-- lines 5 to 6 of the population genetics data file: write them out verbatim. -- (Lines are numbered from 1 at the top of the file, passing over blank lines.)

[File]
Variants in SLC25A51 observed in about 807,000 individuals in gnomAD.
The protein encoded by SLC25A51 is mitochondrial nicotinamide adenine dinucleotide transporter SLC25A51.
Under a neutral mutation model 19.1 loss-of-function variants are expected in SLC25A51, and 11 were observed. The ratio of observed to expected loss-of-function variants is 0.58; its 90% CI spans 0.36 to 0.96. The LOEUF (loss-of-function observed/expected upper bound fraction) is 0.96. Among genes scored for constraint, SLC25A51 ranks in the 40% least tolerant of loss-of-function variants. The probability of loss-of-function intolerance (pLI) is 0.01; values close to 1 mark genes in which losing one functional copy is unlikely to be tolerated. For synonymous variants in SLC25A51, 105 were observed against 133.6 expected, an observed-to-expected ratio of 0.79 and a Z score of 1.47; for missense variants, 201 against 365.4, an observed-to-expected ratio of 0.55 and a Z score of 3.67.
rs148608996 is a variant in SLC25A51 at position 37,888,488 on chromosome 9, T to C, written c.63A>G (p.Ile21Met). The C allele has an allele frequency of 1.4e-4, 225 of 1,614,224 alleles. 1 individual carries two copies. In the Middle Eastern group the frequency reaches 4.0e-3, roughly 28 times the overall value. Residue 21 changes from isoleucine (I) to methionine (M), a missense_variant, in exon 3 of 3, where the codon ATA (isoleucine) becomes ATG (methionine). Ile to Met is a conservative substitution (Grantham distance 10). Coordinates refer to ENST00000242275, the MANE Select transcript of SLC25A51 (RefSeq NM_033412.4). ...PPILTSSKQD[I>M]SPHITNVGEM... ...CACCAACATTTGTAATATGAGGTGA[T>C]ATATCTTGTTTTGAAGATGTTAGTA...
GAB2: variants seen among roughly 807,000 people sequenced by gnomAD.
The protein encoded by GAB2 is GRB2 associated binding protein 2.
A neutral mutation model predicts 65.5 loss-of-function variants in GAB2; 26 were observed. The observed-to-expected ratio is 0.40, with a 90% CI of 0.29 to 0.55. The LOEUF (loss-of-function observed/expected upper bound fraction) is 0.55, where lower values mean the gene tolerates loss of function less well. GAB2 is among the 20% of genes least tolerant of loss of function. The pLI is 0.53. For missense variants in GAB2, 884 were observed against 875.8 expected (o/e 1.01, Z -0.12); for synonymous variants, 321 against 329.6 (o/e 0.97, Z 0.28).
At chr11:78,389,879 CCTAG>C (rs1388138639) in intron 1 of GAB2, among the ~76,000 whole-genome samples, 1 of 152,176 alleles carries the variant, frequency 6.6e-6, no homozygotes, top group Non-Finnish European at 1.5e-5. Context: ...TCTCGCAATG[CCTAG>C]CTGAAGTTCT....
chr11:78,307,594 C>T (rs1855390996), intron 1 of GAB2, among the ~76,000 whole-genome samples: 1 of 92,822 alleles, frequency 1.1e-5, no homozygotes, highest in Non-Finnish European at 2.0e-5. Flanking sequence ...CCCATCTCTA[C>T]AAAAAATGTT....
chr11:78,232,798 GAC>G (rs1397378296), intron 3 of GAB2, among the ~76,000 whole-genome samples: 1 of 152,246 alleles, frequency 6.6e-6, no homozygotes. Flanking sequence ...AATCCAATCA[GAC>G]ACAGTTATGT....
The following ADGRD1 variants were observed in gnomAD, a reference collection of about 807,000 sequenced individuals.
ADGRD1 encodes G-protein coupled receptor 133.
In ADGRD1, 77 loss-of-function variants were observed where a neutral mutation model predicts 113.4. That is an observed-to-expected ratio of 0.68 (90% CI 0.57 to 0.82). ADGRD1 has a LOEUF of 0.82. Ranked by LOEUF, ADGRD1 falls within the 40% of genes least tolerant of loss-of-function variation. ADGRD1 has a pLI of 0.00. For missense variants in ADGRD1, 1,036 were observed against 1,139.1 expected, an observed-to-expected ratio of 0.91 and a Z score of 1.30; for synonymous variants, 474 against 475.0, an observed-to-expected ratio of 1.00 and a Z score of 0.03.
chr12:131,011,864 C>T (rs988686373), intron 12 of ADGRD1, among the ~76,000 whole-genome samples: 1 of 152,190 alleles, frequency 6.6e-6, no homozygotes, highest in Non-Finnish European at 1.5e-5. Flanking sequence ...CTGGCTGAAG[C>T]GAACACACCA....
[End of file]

GAB2: variants seen among roughly 807,000 people sequenced by gnomAD.
The protein encoded by GAB2 is GRB2 associated binding protein 2.